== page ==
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Farm reservoirs offer the only means of water supply in many areas where groundwater is either unsuitable or unavailable. In some instances, particularly in areas where the soil tends to be calcareous, there is excessive seepage from these earthen impoundments. Many methods of seepage control have been suggested. They include the use of lining materials such as concrete, polymer films and butyl rubber. Apart from certain problems associated with each of the seepage control materials, they are generally considered to be too expensive. Other methods that may be advantageous economically, but are not as well publicized, include the use of chemical reagents and organic matter liners. The chemical characteristics of the soil often influence its permeability. High concentrations of calcium cause clay particles to aggregate and to form a porous water-stable structure with high permeability. This undesirable property can be rectified by replacing the calcium with low concentrations of sodium. Sodium ions will disperse aggregates and thereby reduce the soil permeability. Reginato et al. (1968) described a method of using Na2C03 to reduce seepage loss and gave the following equation for determining the amount of chemical required based on the cation exchange capacity (CEC) of the soil:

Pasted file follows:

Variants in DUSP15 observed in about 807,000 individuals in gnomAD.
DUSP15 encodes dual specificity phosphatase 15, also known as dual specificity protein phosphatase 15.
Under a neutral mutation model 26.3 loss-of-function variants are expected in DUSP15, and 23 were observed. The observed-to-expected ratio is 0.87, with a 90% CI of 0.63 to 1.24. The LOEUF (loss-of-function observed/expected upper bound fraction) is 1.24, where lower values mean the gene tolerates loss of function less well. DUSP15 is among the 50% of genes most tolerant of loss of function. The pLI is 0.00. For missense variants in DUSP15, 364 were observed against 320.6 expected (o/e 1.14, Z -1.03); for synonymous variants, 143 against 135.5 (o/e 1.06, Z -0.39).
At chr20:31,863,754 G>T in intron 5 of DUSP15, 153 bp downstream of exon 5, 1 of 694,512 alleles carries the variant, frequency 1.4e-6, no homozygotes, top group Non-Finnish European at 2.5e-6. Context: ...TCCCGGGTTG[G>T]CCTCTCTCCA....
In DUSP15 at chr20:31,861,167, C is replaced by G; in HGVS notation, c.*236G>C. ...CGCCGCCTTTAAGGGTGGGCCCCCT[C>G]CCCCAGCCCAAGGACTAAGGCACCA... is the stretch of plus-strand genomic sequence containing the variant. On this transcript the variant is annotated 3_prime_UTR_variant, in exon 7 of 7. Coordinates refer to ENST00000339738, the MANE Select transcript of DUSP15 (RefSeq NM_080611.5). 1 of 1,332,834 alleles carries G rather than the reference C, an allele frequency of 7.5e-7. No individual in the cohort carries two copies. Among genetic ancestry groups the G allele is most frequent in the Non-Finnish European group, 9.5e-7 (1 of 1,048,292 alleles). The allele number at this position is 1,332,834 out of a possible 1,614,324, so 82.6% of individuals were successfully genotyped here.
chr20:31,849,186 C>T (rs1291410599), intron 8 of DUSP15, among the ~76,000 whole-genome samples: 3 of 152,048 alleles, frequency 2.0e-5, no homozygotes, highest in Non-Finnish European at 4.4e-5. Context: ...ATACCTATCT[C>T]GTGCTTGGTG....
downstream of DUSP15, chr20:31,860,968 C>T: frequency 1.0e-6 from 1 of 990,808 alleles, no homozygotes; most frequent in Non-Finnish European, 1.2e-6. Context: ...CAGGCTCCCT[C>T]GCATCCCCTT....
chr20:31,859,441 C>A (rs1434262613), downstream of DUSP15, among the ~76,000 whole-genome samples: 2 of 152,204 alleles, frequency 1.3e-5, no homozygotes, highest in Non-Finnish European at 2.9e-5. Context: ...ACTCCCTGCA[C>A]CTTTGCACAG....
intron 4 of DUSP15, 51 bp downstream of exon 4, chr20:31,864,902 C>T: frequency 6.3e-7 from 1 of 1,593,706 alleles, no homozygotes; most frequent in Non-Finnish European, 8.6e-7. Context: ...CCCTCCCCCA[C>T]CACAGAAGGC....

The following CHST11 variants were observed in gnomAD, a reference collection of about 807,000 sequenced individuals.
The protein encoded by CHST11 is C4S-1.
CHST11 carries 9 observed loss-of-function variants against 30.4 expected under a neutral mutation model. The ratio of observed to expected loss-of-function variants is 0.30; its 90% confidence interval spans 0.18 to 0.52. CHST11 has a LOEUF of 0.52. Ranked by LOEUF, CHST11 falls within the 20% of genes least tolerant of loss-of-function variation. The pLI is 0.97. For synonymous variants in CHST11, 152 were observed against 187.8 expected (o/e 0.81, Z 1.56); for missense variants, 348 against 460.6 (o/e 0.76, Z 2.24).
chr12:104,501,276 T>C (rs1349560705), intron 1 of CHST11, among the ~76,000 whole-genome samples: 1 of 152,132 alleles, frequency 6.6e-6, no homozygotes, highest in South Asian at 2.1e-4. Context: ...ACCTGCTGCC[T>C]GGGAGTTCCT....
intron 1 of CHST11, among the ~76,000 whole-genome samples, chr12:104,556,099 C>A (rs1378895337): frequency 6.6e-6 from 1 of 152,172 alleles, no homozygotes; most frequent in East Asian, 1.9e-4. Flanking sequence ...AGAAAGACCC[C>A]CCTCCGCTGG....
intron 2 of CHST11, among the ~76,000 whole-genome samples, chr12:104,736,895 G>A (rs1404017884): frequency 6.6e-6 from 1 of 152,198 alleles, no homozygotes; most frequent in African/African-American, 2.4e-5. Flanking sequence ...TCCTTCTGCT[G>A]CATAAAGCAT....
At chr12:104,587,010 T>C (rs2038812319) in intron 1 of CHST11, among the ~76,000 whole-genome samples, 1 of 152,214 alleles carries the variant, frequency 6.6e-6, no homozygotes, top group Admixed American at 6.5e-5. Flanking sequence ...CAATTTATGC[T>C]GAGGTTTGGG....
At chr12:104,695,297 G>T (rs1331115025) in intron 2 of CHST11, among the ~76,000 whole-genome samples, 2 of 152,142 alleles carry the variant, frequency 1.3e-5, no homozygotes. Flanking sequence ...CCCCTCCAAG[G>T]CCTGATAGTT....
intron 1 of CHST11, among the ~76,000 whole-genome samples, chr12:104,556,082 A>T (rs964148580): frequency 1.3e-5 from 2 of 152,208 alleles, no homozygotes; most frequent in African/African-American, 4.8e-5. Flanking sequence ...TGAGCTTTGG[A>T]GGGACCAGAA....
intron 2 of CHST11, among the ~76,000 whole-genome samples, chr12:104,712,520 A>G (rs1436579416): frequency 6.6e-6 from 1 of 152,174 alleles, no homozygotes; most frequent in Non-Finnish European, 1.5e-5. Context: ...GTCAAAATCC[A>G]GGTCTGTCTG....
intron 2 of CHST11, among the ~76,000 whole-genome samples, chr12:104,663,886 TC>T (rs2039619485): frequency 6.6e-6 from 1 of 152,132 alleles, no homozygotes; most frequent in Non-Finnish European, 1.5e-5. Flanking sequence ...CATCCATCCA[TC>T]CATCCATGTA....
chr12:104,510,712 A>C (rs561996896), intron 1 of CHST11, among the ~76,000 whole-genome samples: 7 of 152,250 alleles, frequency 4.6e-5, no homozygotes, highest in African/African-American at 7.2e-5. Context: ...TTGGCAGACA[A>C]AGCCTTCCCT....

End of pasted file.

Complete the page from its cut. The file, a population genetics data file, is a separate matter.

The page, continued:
seepage control in excavated earthen reservoirs
Nicholaichuk, W. 1978. SEEPAGE CONTROL IN EXCAVATED EARTHEN RESERVOIRS. Canadian Agricultural Engineering 20(2):97-102.
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